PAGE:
Keratin numbers: Keratin accounts for 30% of the cellular protein of living epidermal cells and 85% of cellular protein of the dead cells in the stratum corunem (the scaly, dead or horny layer of the outer skin). In hair fiber, keratin proteins comprise up to 95% of the total hair fiber by weight, though this value can go as low of 65% in some people’s hair, especially for those with chemically heavily processed hair, or for those with a genetic condition that affects keratin production. Each molecule of keratin is very small – about 10 nanometers across. To give you a sense of how small that is, 10,000 keratin molecules lined up side by side would cover the width of the average terminal scalp hair.
Keratin types: There are several subtypes of keratin proteins, some are called “soft” keratins and others are “hard” keratins. Basically, soft keratins are found in the skin and are relatively easy to break down whereas hard keratins are very resistant to degradation. Hard keratins do not dissolve in water and they are highly resistant to proteolytic enzymes. As you might have guessed, hair fiber is mostly made from hard keratin proteins.
Sulfur (sulphur): Hair contains a high amount of sulfur (or Sulphur for Europeans) because the amino acid cysteine is a key component of the keratin proteins in hair fiber. The sulfur in cysteine molecules in adjacent keratin proteins link together in disulfide chemical bonds. These disulfide bonds are very strong and very difficult to break apart. These disulfide chemical bonds linking the keratins together are the key factor in the durability and resistance of hair fiber to degradation under environmental stress. They are largely resistant to the action of acids but the disulfide bonds can be broken apart by alkali solutions. This property is exploited in perms and chemical hair straightening processes. Alkali is used to break the disulfide bonds in the keratins and make the hair weak. The hair is formed into a new shape and then acid is applied to neutralize the alkali and enable the disulfide bonds to reform. The reformed disulfide bonds hold the hair in its new shape.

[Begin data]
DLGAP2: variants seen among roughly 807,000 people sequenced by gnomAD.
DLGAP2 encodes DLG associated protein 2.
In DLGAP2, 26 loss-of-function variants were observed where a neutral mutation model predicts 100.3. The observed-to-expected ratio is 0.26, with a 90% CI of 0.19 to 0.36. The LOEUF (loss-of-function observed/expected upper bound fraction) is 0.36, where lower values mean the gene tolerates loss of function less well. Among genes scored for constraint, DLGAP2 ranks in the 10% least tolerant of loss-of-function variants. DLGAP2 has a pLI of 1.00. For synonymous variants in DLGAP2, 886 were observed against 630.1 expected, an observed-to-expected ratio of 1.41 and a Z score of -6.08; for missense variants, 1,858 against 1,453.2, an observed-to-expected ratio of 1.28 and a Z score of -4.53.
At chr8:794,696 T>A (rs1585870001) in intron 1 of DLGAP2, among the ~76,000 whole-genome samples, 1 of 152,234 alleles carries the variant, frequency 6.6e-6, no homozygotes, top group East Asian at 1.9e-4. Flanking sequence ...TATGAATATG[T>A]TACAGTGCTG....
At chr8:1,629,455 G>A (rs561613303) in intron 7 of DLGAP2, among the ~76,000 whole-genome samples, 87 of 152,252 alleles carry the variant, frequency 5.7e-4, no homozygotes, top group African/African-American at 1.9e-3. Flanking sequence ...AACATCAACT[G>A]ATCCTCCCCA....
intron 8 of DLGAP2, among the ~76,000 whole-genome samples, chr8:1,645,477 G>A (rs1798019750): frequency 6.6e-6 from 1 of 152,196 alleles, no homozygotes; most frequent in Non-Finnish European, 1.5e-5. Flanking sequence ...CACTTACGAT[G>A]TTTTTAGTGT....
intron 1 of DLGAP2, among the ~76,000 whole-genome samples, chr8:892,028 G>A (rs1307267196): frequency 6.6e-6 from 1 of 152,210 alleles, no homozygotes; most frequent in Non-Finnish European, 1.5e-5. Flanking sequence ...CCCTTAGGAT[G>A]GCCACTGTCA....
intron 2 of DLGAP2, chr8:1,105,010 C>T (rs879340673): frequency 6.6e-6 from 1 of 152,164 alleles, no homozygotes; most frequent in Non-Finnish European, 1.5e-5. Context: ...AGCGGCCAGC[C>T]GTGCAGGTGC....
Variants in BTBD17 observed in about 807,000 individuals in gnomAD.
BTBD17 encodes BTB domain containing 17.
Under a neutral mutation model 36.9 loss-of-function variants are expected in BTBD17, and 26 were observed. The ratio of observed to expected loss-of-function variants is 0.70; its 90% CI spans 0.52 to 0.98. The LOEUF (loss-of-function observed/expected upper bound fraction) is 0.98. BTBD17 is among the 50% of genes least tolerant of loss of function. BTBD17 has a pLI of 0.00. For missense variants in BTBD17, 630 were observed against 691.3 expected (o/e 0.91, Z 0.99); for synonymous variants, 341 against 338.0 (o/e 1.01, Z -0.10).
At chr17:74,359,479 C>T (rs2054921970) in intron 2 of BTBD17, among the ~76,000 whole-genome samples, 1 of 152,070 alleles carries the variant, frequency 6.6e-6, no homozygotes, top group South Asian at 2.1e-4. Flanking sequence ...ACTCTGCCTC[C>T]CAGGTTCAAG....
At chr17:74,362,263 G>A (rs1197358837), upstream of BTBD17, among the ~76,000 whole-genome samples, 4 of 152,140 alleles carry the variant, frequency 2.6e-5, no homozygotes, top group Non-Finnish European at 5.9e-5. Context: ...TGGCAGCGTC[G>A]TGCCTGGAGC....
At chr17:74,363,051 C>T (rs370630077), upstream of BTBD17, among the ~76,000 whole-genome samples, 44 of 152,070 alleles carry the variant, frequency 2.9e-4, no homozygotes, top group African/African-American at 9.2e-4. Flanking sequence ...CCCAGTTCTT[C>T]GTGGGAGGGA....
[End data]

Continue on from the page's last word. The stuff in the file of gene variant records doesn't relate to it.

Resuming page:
Keratin supplements: Some cosmetics manufacturers claim to make hair supplements, to be taken orally, that contain keratin to strengthen hair or promote hair growth. However, the cells in hair follicles make all the keratin protein that they require from amino acids supplied via the blood. Eating keratin protein does not help hair growth. Eating hard keratins as found in hair fiber is rather pointless as they cannot be broken down and absorbed. The hard keratins simply pass straight through the gut. It would be much better to eat the constituent amino acids from which the hair follicle cells can make keratin. However, it is fairly rare in North America and Western Europe to have a deficiency in amino acids so severe that it affects hair fiber quality.
Topical keratin treatments: Topically applying keratin complexes to hair can have some beneficial effect. Depending on the formulation of the treatment, keratin molecules can be small enough to get inside the hair fiber (at least the hair cuticle and perhaps the outer layers of hair cortex) and can adhere to the natural keratin already present. This can work for a while in terms of improving hair strength and quality, but it is only a temporary effect. The keratins are mostly washed away again in future shampooing processes. To have a continued effect, keratin based hair treatments need to be regularly reapplied.